Now's the Time to Buy a New TV
The TV market has been changing a lot recently, both in terms of technology and price. New types of screens with organic light-emitting diode (OLED) panels and ultra high definition (UHD, or 4K) is replacing the 1080p standard we've become used to. If you want a new television, you now have more options now than ever. But which one should you buy? Here are the main points to consider when shopping for a new set, as well as the best TVs we've tested.
The Best 4K TVs
The TV resolution question used to be between the options of 720p (1,280 by 720 resolution, or just under one million pixels) and 1080p (1,920 by 1,080, or just over two million pixels). Then it moved on to 1080p versus Ultra HD, or 4K (3,840 by 2,160, with eight million pixels). Now it's no longer a question: 4K has become the standard for medium-sized and larger televisions from every major manufacturer.
The higher resolution no longer commands a huge premium, and you can now find a 65-inch 4K TV for under $1,000. Realistically, you'd be hard-pressed to find a TV from a major brand larger than 40 inches that isn't 4K. In fact, every TV on this list is 4K.
Most 4K TVs have connected features that let you stream 4K content, but if they don't you can add any 4K media streamer (like the new Apple TV 4K) using an HDMI 2.0 connection. 4K content is now freely available on many streaming services and on Ultra HD Blu-ray discs, even if it hasn't been adopted by broadcast or cable TV services yet. If you have a very fast internet connection, you can watch some excellent shows on Amazon and Netflix in 4K (and most new original programming on the services is being produced at that resolution). New films are also coming out digitally in 4K through various on-demand streaming services like Vudu.
High Dynamic Range (HDR)
While 4K is now established as a no-brainer, there's a new next-step video technology to consider when shopping for a TV. High dynamic range (HDR) content gives much more information to the display than a standard video signal. The resolution remains the same as UHD, but the range of color and amount of light each pixel can produce is significantly broader.
Thanks to new LCD and OLED panel technology, high-end televisions can display wider color gamuts and finer gradients of light and dark than before. Standard video was built around the limitations of older televisions, intentionally using a set range of color and light information in the signal. HDR breaks those limitations and uses expanded ranges with finer values between them. Basically, this means HDR displays can produce more colors and more shades of gray (or, rather, luminance values) than standard dynamic range displays.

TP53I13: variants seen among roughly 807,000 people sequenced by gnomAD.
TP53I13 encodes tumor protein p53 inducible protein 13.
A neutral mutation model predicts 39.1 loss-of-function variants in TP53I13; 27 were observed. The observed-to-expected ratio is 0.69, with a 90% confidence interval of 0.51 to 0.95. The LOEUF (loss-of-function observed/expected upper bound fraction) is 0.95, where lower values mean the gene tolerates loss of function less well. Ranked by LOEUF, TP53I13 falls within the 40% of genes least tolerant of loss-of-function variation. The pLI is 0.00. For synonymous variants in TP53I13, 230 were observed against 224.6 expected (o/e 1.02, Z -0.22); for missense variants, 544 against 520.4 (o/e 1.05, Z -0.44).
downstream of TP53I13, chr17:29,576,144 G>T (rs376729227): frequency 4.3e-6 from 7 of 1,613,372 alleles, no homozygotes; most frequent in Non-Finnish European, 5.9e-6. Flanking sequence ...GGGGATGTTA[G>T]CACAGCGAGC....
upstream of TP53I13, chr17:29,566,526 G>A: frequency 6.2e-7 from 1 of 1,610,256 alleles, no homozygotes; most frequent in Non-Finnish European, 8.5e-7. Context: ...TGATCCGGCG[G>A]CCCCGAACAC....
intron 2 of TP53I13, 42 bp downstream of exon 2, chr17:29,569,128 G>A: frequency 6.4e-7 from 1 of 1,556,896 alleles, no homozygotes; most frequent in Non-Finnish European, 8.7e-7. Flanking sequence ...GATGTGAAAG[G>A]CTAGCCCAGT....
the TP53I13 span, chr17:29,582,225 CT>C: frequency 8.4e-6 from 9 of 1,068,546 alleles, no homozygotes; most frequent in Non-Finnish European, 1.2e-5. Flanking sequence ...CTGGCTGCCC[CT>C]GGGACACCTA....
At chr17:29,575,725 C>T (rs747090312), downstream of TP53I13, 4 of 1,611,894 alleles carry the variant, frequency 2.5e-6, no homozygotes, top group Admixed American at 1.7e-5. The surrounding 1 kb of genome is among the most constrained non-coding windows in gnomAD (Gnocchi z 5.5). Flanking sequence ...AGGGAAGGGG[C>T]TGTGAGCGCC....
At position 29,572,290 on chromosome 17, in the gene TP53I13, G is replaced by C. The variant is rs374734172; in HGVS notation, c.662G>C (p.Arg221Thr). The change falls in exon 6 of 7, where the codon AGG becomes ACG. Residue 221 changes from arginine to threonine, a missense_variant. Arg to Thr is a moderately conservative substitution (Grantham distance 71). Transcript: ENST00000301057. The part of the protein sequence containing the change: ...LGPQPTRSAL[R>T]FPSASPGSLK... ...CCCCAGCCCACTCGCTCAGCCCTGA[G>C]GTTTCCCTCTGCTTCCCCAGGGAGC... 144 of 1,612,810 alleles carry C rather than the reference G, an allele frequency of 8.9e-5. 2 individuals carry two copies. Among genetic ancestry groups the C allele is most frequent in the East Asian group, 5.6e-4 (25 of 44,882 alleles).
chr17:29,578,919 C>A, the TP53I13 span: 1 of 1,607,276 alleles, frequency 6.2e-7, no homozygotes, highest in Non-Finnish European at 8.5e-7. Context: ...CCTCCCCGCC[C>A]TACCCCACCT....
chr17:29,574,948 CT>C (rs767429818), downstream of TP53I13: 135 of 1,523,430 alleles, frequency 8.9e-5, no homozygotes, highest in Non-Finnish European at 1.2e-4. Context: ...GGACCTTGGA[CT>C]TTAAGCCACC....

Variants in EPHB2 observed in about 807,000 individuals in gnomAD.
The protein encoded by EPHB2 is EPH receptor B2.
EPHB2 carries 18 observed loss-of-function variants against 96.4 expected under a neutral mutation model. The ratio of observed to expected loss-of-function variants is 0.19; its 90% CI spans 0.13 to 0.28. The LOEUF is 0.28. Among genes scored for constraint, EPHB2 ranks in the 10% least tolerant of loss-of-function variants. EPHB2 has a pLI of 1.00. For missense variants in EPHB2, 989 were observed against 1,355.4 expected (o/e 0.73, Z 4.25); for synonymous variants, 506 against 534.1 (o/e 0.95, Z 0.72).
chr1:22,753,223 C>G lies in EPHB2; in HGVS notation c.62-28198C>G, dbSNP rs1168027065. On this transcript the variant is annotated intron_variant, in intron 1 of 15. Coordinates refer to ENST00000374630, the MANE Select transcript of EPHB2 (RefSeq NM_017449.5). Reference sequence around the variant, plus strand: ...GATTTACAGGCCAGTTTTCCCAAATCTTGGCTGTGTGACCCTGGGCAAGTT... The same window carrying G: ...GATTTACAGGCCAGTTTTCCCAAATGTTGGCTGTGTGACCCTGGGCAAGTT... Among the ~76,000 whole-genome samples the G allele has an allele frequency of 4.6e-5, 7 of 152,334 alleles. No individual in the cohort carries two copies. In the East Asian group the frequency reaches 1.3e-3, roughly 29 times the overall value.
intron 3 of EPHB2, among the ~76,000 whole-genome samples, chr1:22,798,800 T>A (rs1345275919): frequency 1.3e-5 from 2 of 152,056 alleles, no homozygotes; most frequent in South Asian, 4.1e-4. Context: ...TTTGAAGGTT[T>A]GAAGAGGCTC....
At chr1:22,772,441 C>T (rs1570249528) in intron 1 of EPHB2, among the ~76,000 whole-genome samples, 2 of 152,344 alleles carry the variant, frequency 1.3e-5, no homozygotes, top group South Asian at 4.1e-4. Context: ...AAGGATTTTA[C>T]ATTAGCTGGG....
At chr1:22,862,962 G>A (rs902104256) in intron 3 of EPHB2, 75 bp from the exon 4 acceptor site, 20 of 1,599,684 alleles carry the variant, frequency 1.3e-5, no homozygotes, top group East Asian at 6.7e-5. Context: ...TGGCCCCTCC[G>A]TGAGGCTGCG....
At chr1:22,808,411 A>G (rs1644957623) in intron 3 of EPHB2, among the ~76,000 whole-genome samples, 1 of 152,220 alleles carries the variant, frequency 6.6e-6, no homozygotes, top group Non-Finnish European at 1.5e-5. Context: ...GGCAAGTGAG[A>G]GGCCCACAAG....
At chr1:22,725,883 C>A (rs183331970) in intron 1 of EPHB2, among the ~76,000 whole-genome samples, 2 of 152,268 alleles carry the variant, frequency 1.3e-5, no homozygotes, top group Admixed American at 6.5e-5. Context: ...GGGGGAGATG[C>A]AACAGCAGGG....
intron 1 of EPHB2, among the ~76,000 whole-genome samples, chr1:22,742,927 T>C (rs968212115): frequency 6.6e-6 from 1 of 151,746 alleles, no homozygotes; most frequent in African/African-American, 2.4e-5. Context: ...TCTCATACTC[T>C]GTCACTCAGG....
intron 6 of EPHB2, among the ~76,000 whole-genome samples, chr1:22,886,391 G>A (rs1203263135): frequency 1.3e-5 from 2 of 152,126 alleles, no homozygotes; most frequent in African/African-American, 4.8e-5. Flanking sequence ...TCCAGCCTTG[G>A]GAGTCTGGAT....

HDR is still a developing technology, and it's easy to be confused by it. There are two major HDR standards out there with commercially available content: HDR 10 and Dolby Vision. HDR 10 is an open platform that uses 10-bit color values. The UHD Alliance certifies televisions that meet the HDR 10 standard, along with minimum brightness and contrast ratios, as UltraHD Premium. Dolby Vision is a closed standard used by Dolby, which supports 12-bit color and determines ranges in the signal it provides to a display on the fly, based on the display itself and the needs of the scene. Televisions that support Dolby Vision will note so on their packaging.
Some newer HDR standards and variants are starting to pop up, but they've yet to see the acceptance in TVs that HDR10 and Dolby Vision have. Hybrid Log Gamma (HLG) is a standard developed by the BBC and Japanese broadcaster NHK, which is backward compatible with standard dynamic range TVs. Meanwhile, Samsung and Amazon Video are working on HDR10+, which is said to add variable metadata to brightness, changing the range of bright and dark that video can display from scene to scene. We'll see how they are adopted in the future.
HDR content is generally more rare than UHD content, but it's becoming increasingly available. Ultra HD Blu-ray uses HDR 10 and will support additional HDR standards, and Netflix and Vudu offer Dolby Vision films and shows digitally. Whether one standard is better than the other is difficult to determine at this point; HDR 10 uses more concrete values and is easier to technically evaluate, but Dolby Vision is designed to specifically fit the needs and limits of whatever television you use. No matter which you use, HDR-capable televisions can produce a better picture than TVs that don't support the wider color gamuts or increased range of luminance information.
LED or OLED?
Plasma TVs were the only flat-panel models available when they were first introduced more than a decade ago. They're now a dead category, and you won't see a major television manufacturer offering a new plasma television any time soon. That means your choices will mostly consist of LED-backlit LCD TVs (also simply called LED TVs), as well as much less common, much more expensive OLED displays.